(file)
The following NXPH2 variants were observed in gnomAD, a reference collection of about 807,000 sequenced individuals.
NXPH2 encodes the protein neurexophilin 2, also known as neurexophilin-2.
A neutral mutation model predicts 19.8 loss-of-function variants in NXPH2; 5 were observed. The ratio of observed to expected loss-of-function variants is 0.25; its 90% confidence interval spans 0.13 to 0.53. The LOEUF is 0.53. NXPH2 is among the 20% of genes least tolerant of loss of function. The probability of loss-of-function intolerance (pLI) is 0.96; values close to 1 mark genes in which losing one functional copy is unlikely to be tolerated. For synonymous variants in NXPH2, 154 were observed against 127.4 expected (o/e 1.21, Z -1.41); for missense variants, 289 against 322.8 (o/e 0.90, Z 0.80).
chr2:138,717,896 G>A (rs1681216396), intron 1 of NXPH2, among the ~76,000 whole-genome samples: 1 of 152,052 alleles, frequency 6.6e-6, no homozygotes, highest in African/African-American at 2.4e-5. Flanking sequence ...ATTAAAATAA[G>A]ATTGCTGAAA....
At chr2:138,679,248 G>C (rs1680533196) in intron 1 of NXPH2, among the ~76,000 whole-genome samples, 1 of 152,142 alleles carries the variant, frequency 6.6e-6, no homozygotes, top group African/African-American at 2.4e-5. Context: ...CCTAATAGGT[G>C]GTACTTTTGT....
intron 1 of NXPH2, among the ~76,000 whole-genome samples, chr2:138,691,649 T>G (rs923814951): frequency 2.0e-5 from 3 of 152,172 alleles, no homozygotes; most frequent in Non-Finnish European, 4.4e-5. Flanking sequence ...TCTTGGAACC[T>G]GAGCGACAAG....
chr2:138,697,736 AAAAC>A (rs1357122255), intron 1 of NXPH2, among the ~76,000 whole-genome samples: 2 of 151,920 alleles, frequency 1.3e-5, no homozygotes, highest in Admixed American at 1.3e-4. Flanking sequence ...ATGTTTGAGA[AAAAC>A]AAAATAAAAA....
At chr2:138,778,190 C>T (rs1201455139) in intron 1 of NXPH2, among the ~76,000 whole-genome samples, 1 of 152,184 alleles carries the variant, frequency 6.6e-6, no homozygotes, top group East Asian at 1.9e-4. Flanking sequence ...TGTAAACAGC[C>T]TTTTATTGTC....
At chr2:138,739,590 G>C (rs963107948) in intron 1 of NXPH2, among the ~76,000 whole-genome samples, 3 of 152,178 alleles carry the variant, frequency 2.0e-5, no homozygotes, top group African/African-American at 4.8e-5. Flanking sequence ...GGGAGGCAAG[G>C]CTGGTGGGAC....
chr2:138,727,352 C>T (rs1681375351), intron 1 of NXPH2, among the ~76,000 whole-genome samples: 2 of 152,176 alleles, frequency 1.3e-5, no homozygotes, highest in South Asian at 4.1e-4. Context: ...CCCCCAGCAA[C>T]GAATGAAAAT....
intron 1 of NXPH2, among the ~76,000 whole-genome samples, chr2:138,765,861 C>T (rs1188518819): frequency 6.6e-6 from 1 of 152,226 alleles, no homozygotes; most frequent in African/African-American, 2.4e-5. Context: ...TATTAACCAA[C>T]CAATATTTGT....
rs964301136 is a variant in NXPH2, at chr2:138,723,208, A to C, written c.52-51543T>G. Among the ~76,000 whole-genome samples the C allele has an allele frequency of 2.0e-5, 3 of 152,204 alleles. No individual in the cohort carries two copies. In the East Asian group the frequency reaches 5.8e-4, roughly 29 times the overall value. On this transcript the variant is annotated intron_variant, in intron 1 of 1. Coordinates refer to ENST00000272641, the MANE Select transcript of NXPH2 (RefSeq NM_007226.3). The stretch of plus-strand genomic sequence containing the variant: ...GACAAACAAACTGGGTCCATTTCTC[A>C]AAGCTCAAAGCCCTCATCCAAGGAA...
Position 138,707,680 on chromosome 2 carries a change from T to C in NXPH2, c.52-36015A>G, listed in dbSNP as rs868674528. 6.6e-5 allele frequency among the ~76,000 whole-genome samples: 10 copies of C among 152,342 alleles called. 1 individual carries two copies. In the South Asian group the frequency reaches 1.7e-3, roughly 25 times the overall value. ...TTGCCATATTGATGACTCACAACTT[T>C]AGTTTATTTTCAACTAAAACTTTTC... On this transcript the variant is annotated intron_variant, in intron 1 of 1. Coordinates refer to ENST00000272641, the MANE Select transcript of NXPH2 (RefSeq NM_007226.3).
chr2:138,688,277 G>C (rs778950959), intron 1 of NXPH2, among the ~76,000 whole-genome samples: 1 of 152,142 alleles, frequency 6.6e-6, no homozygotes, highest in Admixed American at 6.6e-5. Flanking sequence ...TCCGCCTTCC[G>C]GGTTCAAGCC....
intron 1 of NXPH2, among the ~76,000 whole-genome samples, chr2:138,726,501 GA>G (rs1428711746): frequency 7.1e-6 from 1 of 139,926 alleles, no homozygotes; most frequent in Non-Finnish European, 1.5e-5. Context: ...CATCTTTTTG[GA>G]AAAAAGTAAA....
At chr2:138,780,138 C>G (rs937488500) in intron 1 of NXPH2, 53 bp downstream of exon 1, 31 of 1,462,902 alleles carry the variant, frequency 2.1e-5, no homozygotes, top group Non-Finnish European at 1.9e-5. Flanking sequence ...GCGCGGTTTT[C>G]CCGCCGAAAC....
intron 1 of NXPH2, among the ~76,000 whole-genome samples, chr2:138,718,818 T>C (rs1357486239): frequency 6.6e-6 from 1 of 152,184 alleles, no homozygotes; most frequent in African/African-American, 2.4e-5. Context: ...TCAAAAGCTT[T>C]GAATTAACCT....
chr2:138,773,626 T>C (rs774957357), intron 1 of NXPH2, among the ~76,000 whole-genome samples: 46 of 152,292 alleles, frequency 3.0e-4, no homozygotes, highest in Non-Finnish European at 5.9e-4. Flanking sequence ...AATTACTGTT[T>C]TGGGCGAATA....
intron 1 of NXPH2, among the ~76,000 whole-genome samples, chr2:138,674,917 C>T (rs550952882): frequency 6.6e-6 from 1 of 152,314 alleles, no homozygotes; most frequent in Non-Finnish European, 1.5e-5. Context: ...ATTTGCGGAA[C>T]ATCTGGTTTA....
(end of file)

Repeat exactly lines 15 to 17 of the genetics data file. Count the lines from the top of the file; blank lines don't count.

intron 1 of NXPH2, among the ~76,000 whole-genome samples, chr2:138,726,501 GA>G (rs1428711746): frequency 7.1e-6 from 1 of 139,926 alleles, no homozygotes; most frequent in Non-Finnish European, 1.5e-5. Context: ...CATCTTTTTG[GA>G]AAAAAGTAAA....
At chr2:138,780,138 C>G (rs937488500) in intron 1 of NXPH2, 53 bp downstream of exon 1, 31 of 1,462,902 alleles carry the variant, frequency 2.1e-5, no homozygotes, top group Non-Finnish European at 1.9e-5. Flanking sequence ...GCGCGGTTTT[C>G]CCGCCGAAAC....
intron 1 of NXPH2, among the ~76,000 whole-genome samples, chr2:138,718,818 T>C (rs1357486239): frequency 6.6e-6 from 1 of 152,184 alleles, no homozygotes; most frequent in African/African-American, 2.4e-5. Context: ...TCAAAAGCTT[T>C]GAATTAACCT....